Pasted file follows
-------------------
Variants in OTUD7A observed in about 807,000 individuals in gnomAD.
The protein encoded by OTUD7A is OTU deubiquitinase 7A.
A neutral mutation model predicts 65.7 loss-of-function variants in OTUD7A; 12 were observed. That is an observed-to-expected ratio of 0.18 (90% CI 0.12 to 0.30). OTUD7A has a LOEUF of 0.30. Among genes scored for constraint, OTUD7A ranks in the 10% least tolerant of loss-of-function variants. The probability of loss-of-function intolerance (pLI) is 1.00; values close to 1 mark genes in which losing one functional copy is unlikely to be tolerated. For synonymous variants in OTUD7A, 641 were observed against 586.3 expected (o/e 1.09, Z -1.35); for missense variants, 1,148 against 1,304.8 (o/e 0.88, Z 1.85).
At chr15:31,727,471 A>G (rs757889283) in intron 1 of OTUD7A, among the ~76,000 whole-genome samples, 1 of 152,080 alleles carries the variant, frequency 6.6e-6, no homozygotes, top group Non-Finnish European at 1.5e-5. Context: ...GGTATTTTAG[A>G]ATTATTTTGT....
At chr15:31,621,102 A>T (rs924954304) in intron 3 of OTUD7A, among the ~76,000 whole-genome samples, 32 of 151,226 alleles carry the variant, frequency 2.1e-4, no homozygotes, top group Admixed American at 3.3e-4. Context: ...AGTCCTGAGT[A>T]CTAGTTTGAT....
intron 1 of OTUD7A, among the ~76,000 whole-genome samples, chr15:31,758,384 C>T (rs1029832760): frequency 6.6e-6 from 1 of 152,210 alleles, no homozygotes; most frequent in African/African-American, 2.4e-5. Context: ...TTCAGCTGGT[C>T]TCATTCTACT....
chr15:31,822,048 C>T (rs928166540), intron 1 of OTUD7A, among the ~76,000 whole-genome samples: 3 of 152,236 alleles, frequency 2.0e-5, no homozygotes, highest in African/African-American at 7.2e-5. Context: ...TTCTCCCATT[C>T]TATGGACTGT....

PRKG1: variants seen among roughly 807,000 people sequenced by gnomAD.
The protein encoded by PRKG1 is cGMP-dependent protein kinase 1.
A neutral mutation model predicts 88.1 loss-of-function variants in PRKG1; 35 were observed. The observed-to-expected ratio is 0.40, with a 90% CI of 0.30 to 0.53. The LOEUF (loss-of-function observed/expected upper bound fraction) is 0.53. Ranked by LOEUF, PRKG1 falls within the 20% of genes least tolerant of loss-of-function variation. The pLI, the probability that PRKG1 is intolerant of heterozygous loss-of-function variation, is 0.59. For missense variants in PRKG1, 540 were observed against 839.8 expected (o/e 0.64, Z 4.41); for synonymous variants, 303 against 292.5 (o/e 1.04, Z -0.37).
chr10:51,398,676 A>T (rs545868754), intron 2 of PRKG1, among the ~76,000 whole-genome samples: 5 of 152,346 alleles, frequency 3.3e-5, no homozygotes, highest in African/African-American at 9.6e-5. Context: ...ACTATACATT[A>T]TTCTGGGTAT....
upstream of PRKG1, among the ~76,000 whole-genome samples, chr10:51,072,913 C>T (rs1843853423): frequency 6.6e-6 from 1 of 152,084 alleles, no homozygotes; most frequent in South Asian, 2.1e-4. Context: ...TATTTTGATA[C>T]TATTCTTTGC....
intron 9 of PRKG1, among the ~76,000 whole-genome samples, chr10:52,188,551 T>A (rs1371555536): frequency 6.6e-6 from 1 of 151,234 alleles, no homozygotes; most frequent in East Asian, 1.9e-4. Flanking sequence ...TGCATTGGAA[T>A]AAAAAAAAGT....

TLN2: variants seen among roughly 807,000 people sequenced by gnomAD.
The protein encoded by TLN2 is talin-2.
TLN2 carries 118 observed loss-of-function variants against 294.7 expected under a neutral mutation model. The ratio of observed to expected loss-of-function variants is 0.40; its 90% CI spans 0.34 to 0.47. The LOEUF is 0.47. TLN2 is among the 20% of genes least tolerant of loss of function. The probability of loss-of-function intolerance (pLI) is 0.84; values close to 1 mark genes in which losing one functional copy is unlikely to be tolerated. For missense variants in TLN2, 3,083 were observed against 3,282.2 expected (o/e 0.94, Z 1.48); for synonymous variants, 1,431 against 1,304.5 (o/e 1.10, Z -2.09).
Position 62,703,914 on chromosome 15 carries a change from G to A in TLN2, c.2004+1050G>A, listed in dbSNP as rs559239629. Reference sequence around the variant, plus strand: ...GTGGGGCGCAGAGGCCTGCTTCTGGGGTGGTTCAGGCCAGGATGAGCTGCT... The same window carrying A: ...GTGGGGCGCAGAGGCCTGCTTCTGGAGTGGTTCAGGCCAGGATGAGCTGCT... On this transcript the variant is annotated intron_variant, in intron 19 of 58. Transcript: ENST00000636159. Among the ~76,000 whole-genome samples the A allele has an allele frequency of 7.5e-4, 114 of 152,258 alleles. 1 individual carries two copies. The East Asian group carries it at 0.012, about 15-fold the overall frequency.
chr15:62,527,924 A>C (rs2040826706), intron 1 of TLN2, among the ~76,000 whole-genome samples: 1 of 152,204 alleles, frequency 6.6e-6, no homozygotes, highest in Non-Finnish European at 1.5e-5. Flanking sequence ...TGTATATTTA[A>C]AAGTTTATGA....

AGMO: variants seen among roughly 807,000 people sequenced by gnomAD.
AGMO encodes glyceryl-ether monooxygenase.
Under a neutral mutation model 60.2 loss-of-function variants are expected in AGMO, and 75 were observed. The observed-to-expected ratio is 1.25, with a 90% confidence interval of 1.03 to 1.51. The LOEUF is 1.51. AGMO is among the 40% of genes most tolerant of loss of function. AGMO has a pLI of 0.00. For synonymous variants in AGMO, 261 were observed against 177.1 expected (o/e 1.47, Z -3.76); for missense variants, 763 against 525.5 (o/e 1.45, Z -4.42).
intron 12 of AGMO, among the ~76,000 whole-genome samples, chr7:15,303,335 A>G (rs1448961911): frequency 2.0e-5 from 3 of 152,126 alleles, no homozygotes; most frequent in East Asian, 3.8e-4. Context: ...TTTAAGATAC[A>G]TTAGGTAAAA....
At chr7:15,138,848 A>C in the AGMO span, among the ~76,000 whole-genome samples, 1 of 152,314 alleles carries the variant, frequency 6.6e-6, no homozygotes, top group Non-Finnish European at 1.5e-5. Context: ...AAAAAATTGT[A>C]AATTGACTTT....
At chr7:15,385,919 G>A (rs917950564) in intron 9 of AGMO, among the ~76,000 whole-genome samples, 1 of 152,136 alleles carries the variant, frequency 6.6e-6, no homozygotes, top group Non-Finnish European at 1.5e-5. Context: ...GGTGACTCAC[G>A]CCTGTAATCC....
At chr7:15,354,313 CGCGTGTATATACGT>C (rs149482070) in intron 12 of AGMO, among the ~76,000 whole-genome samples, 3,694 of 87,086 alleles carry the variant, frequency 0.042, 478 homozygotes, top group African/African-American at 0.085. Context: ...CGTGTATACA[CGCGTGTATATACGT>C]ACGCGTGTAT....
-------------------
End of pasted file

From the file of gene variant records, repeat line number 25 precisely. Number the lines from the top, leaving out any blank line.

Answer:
At chr7:15,354,313 CGCGTGTATATACGT>C (rs149482070) in intron 12 of AGMO, among the ~76,000 whole-genome samples, 3,694 of 87,086 alleles carry the variant, frequency 0.042, 478 homozygotes, top group African/African-American at 0.085. Context: ...CGTGTATACA[CGCGTGTATATACGT>C]ACGCGTGTAT....